For the last year, both Lyft and Uber have been working with healthcare providers and insurers offering rides to doctors’ offices. Last week, Lyft announced that it is expanding its partnerships with health care providers by partnering with Allscripts to “integrate its platform into the daily routines of 2,500 hospitals, 45,000 physician practices and 180,000 physicians, reaching an estimated 7 million patients.” USA Today.

Both – Uber and Lyft – offer “healthcare rides” in rural and urban areas, free of charge to the patients (billing healthcare providers or insurers). Most of the people, who need transportation to their providers, are on federally funded insurances and therefore issues with kickbacks may come into play. The OIG, however, codified Local Transportation safe-harbors to exempt certain free or discounted transportation programs if they comply with the following requirements:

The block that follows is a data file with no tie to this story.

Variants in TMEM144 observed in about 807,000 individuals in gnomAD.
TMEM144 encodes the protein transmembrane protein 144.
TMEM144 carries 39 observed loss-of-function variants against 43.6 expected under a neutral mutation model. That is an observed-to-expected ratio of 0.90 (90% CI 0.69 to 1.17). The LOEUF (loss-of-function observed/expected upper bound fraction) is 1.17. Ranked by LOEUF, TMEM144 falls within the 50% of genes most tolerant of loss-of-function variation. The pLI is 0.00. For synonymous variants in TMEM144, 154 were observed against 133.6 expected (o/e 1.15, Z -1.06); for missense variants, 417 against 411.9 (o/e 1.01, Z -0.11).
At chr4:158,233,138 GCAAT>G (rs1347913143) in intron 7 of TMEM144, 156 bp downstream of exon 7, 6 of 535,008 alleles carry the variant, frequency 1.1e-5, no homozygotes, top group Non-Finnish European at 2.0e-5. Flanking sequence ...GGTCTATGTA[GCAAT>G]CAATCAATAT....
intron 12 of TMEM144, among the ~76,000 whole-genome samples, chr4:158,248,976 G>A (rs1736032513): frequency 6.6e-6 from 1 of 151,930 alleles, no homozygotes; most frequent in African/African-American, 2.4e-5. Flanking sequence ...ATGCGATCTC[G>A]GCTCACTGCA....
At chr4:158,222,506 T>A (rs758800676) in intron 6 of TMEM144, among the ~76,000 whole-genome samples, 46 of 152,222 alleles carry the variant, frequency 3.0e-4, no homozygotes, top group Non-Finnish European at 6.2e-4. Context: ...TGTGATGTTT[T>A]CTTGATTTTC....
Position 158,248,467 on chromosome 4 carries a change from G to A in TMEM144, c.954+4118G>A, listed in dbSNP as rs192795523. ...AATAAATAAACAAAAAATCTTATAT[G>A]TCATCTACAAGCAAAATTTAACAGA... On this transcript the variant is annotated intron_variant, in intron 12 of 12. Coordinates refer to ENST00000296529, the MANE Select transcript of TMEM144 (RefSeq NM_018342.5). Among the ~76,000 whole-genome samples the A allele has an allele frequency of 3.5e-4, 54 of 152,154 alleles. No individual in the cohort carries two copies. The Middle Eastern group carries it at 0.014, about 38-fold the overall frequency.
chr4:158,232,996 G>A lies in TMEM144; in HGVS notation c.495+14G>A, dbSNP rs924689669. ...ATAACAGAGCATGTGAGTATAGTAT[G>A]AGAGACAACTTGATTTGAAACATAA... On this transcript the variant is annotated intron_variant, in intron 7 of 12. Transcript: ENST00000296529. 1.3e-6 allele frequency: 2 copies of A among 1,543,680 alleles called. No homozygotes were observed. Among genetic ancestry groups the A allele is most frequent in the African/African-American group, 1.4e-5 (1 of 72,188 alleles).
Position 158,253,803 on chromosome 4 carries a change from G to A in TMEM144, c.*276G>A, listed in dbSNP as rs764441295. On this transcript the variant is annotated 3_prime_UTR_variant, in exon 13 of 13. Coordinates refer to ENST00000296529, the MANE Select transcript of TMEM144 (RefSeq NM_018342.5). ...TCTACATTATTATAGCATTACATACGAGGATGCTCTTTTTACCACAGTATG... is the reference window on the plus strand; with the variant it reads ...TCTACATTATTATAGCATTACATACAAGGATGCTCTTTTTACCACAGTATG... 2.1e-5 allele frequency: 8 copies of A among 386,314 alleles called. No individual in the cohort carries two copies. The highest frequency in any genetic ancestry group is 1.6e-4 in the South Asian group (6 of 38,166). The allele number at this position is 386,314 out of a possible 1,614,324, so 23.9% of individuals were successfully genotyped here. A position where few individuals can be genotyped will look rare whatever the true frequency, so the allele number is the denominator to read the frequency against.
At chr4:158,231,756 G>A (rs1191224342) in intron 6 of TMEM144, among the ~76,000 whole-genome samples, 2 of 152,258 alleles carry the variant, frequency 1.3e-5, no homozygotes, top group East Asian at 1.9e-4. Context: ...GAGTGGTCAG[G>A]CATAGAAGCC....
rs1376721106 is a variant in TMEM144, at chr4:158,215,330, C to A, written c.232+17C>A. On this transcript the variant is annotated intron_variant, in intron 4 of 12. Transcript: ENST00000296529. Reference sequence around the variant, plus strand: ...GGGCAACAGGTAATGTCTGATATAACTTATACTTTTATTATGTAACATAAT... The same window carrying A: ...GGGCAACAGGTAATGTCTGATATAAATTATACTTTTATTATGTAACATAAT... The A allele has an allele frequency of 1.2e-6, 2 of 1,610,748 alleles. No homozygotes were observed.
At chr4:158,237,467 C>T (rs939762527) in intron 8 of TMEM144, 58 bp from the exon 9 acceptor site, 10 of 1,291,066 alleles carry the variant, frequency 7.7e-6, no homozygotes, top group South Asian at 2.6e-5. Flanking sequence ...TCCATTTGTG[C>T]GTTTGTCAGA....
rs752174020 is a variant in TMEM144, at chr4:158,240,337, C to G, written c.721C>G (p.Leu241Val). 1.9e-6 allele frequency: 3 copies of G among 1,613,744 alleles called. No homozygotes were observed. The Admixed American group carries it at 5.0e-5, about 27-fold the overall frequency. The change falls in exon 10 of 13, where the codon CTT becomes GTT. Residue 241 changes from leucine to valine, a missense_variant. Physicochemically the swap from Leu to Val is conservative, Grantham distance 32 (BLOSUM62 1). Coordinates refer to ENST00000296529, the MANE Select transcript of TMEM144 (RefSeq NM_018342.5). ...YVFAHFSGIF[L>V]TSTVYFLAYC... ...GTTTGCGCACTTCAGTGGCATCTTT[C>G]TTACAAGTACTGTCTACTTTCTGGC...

1. The program is applied uniformly and consistently and does not take into consideration the past or anticipated volume or value of federal health care program business.

  2. The transportation is not provided via air, luxury, or ambulance-level transportation.

  3. The program is not publicly marketed or advertised, no marketing of health care items and services occurs during the transportation.

  4.  The drivers are not paid on a per-beneficiary-transported basis.

  5. Only established patients shall participate in the program.

  6. The transportation is available only within 25 miles, or 50 miles in rural areas.

  7. The transportation is provided to obtain medically necessary items and services.

  8. The provider bears the costs.

The OIG’s Final Rule codifying Local Transportation safe-harbors.

If done correctly, Uber and Lyft have a huge market to target. However, to alleviate the problem with access to care, we need more than a ride. And how about TeleHealth and home visits?